Debt free is the new rich. Have you heard that said before? There’s a lot of wisdom in that maxim. Today, Americans are relying on credit cards more than ever, with a total of $931 billion in credit card debt nationwide. That kind of debt comes with a certain amount of stress, not to mention the cost of high interest rates. We can be pretty sure no one ever regretted getting out of debt. It is a great goal.
If you can only manage your minimum payments each month, so be it. But understand that paying only the minimum will get you out of debt at a snail’s pace and cost you more in interest. Challenge yourself to pay more than the minimum each month, even if it is only a few dollars extra. Do the same for other loans like your mortgage, car loan, and student loans. Over time, you really see the difference in your shrinking debt. Once you are debt free, you will love the freedom and security it affords you. There are various strategies for getting yourself debt free, including a low-interest personal loan for debt consolidation. A service specialist at Spero is here to help you devise a strategy when you’re ready.
Develop a savings plan that includes retirement
There is an old Chinese proverb that says the best time to plant a tree was 20 years ago — but the second-best time is today. Few of us have saved as much as we “should” or wish we had, but don’t let that fact shame you into not investing in your future starting right now. Some financial experts insist that you be debt-free before you concern yourself with savings, and a Spero service specialist is happy to help you look at your particular situation and help you initiate a savings plan that fits your needs and goals. We recommend having a savings account for short-term goals like vacations and home remodels.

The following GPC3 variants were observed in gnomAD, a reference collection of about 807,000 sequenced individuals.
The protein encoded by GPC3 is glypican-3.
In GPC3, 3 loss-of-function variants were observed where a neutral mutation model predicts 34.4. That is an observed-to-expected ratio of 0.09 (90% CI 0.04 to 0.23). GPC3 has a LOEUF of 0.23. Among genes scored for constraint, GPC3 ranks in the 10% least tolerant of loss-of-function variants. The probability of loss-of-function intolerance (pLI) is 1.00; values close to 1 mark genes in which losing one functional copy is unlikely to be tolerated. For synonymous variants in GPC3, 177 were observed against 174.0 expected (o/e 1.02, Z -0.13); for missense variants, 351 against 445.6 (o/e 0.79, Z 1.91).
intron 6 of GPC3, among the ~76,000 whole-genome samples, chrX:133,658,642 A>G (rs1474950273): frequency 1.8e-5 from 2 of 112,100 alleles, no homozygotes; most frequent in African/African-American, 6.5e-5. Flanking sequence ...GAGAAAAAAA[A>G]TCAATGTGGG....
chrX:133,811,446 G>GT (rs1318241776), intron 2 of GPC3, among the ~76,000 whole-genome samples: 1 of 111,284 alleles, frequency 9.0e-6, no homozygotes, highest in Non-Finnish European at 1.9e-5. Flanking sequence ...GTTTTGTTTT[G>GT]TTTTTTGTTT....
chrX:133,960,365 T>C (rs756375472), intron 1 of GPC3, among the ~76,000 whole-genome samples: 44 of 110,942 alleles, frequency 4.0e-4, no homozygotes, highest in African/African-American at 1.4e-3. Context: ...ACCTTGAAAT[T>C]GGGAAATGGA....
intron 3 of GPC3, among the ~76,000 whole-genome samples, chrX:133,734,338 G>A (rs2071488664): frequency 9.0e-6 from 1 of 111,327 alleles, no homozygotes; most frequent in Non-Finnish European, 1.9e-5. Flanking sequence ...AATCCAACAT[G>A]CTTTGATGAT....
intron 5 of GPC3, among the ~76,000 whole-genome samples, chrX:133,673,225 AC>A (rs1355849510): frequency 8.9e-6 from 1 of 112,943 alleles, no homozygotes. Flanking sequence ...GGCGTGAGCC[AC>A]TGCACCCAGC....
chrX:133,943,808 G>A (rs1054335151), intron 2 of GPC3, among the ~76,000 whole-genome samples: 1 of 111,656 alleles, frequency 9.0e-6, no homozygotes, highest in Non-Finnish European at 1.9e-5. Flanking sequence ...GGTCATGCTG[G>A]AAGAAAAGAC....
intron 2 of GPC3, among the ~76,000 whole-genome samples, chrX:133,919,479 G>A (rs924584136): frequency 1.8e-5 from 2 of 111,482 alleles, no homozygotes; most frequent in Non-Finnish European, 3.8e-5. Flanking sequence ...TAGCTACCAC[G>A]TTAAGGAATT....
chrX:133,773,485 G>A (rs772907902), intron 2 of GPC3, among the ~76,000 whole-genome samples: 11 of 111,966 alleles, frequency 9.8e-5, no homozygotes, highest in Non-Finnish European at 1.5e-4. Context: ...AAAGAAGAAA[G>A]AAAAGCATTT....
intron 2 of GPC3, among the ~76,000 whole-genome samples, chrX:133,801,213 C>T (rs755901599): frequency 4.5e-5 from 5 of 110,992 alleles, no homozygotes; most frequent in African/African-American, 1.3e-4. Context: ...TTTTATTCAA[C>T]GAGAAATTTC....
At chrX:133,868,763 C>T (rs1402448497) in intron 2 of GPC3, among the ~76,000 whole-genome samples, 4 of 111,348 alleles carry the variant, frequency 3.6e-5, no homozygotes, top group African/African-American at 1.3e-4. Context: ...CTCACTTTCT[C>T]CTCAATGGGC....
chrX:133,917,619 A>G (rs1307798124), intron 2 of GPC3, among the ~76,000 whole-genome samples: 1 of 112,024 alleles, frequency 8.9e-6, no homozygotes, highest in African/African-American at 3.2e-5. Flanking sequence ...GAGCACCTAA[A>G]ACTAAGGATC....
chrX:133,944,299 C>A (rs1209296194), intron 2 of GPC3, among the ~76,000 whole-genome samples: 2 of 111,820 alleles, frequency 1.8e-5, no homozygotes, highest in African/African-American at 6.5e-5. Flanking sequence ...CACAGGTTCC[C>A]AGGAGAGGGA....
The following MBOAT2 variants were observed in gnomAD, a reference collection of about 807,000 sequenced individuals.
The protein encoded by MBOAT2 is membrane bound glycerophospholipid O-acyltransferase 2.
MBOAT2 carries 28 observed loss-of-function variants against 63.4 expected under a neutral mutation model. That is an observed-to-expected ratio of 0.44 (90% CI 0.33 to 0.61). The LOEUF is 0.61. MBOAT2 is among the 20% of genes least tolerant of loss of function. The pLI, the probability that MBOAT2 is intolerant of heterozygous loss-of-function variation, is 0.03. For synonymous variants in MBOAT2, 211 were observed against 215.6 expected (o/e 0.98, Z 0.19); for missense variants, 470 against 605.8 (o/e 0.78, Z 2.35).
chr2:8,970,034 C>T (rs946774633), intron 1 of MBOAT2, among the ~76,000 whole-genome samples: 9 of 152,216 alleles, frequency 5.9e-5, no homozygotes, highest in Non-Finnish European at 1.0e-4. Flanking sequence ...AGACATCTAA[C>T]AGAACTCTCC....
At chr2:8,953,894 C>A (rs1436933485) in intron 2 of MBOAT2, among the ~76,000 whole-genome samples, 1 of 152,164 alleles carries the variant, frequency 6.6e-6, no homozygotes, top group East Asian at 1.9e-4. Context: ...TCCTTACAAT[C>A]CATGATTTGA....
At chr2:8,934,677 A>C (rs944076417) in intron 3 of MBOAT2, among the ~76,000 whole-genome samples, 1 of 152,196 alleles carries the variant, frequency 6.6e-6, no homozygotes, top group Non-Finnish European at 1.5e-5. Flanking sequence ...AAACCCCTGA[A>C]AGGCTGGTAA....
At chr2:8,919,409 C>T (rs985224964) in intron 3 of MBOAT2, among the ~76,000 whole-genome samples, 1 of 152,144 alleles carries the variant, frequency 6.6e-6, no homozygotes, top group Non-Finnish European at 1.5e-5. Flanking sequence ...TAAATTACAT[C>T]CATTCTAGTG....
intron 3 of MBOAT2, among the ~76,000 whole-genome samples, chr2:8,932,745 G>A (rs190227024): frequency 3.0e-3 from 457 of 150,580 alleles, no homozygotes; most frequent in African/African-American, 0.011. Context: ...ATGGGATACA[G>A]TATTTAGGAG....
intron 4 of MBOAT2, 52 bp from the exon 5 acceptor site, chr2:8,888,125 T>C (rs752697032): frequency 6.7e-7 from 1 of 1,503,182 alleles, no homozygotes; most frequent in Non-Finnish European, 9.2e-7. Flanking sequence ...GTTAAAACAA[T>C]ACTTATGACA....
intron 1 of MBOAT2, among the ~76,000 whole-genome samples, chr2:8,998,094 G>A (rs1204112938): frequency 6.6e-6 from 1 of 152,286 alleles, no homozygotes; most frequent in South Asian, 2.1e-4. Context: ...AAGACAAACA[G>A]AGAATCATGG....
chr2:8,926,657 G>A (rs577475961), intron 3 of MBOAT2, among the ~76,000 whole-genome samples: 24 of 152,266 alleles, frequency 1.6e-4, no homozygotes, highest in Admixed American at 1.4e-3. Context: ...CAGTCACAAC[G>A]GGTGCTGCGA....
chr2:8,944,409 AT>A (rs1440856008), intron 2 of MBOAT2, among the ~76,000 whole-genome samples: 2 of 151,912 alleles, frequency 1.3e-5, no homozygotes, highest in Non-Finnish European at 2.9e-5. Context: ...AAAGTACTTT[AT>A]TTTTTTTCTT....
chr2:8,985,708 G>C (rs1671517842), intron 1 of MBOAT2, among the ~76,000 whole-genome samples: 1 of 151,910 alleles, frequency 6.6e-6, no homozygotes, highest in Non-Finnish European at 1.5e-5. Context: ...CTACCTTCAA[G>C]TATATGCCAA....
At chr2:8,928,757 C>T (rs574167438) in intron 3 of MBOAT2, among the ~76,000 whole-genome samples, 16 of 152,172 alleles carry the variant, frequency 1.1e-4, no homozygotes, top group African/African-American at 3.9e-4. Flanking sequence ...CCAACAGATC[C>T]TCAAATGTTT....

Also, it is never too soon to start saving for retirement, but it is never too late either. Whatever you can do to start making your money work for you (instead of the other way around) is worth doing. Many employers not only offer you the opportunity to contribute to a retirement account but will actually match your contribution up to a certain amount. If this is the case, make sure you are taking advantage of this. Not doing so means that you’re leaving money on the table with every paycheck. If your employer doesn’t help with financing your retirement, Spero can help you find a retirement account to meet your needs.
One of the most important things about saving is making a habit of it. Plan and schedule it regularly. Consider ordering bi-monthly transfers from your checking into your savings. You’ll be surprised how even $25 every couple weeks adds up. Another great tool is an app for saving and investing your extra dollars. Check out Acorns, an app that puts your pocket change to work for you. The service is free to college students and only $1 per month for the rest of us.
Today is a fine day to get to work on practicing these key personal finance principles. If you are not sure where to begin, or you are ready to open a savings or retirement account, give Spero a call and make an appointment with a service specialist. We are here with you for the long haul, supporting you as you build and improve your long-term financial health.